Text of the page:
Elitch Gardens holds job fair

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DENVER -- It’s not even spring yet, but the hiring has already begun for some summer jobs.

Elitch Gardens in Denver held a "new hire job fair" Saturday to fill 1,500 positions.

With the state's unemployment rate getting better--but still at 7.9 percent--the interest was significant.

The lines of people snaked into the parking lot even before the job fair started at 9 a.m.

"I kind of made it a priority to get out here as early as possible. I’ve got a good resume here. I’ve got a lot of experience in a lot of the positions that are open out here,” says Travis McClory, 33, of Denver.

The father of four has been unemployed since January and is now competing for a job in an industry that draws younger employees.

“Regardless of what it is, I’m just trying to get a foot in the door, just trying to get some kind of income in," he says.  "With the unemployment rate what it is, people are looking for jobs and that's probably why the adult demographic skews a little higher this year," says Elitch Gardens spokesperson Chris Kearsing.

The amusement park got 9,000 applications last year for 1,500 jobs.

They’re jobs that mostly pay slightly above minimum wage in rides, games and food service.

"I'm actually open. I'm a jack-of-all-trades, master of none," says Maurice McFalls.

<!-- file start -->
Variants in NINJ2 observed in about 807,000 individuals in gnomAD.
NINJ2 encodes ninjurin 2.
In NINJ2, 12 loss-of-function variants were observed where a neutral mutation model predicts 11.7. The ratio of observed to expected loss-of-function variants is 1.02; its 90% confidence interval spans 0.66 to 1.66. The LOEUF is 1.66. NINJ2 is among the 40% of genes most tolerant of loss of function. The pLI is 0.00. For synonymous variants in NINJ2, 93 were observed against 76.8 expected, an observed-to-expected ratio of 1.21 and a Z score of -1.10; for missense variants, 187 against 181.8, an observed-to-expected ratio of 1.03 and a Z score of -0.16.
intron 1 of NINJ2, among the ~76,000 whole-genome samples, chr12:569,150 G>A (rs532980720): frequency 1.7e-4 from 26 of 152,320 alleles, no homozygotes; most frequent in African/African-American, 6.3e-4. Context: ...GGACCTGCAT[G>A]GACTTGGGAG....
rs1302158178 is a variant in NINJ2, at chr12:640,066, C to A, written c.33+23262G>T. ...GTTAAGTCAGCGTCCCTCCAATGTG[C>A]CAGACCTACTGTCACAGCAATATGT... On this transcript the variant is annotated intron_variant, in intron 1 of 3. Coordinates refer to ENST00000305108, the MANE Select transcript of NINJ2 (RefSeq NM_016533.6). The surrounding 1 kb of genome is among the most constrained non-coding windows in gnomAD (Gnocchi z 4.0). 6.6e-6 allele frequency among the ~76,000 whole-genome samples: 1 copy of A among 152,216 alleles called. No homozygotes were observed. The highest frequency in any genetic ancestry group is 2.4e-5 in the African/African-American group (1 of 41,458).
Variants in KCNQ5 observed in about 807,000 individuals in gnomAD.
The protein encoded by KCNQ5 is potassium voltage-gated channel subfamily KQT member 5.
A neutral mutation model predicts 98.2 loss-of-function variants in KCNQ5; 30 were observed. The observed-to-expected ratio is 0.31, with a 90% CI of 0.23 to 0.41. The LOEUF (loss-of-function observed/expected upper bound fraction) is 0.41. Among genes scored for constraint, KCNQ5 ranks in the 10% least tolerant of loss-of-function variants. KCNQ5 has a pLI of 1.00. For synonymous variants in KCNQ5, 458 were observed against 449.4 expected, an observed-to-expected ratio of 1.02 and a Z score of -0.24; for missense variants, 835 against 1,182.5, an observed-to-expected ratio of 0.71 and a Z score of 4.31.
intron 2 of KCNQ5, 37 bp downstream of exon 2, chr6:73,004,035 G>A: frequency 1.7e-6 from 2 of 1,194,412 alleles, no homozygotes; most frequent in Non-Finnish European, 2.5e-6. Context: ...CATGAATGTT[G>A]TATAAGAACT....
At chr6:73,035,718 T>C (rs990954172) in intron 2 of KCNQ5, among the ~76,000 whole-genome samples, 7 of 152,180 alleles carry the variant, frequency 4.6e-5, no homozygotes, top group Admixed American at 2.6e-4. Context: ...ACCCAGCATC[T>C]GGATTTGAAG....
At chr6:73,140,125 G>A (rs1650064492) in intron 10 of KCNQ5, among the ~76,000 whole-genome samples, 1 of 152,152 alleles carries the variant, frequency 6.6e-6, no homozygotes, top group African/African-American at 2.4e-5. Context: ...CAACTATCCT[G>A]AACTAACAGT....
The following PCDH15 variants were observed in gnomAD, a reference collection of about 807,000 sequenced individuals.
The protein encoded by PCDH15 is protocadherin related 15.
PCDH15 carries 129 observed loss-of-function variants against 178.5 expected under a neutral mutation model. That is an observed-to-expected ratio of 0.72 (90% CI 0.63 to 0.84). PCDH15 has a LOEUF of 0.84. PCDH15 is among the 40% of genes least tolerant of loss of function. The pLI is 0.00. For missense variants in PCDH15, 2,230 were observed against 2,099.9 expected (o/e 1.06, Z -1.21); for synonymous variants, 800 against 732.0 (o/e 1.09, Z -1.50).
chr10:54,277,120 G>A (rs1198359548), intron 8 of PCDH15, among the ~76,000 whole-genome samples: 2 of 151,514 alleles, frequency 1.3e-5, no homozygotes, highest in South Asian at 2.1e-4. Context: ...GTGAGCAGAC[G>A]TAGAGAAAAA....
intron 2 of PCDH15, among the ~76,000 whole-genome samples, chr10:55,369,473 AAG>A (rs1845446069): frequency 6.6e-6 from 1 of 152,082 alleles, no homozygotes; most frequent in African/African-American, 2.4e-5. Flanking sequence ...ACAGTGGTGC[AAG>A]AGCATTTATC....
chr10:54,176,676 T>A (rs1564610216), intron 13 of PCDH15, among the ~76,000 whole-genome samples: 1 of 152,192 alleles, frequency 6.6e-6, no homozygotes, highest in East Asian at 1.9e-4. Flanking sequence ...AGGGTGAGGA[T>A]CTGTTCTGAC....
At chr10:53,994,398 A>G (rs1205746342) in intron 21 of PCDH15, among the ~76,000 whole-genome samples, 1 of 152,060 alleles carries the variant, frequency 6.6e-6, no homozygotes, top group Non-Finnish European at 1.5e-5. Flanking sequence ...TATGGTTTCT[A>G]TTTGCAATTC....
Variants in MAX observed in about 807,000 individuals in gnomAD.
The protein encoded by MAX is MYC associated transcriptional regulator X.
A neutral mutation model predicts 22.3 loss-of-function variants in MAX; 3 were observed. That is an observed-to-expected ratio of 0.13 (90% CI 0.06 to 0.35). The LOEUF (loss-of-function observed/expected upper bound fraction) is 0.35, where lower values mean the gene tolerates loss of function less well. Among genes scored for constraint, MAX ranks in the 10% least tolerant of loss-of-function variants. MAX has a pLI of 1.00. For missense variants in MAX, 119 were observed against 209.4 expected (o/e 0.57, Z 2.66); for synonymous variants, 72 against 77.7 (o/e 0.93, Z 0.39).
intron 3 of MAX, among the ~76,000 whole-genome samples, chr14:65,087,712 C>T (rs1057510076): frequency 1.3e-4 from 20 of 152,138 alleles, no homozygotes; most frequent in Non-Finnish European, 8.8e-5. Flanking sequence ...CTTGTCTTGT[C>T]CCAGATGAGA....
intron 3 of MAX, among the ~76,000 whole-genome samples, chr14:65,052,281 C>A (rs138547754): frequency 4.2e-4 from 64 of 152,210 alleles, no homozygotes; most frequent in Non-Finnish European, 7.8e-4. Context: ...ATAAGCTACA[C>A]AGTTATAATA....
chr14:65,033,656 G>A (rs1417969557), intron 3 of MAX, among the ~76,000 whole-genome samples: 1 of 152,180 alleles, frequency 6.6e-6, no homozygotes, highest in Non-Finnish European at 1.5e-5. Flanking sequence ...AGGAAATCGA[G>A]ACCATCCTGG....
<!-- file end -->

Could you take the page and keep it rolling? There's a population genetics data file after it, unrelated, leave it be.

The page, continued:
This desert storm vet is looking for a job in any department since his wife can't work right now.

"I have to do what I’ve got to do to make ends meet. That's basically to get some part-time employment," he says.

"Elitch's is like a lot of young kids, so I felt awkward," says Niccole Gerber of Denver.

The 34-year-old is a single mom looking to make the life of her 7-year-old son better.

"I have a part-time job. But now if i can get another job we can have fun," she says.

"I’ve applied  at McDonald’s, Walgreens, Target, King Soopers, Wal-Mart, most everywhere," says Amber Decker of Littleton.

The 16-year-old—along with her brother and sister—hope the amusement park will hire all of them.

“I’m a really hard worker and to not even get acknowledged, it’s kind of hard but, I’ll just have to keep trying," says Decker.

Elitch Gardens says when the job market was really tight--even just seven years ago--they hired mostly teenagers.

Now they're able to hire older, more experienced people. It's helped them get a better pool of candidates.

For those who don’t get jobs immediately, Kearsing says, they should check back over the summer because the younger people  will go back to school.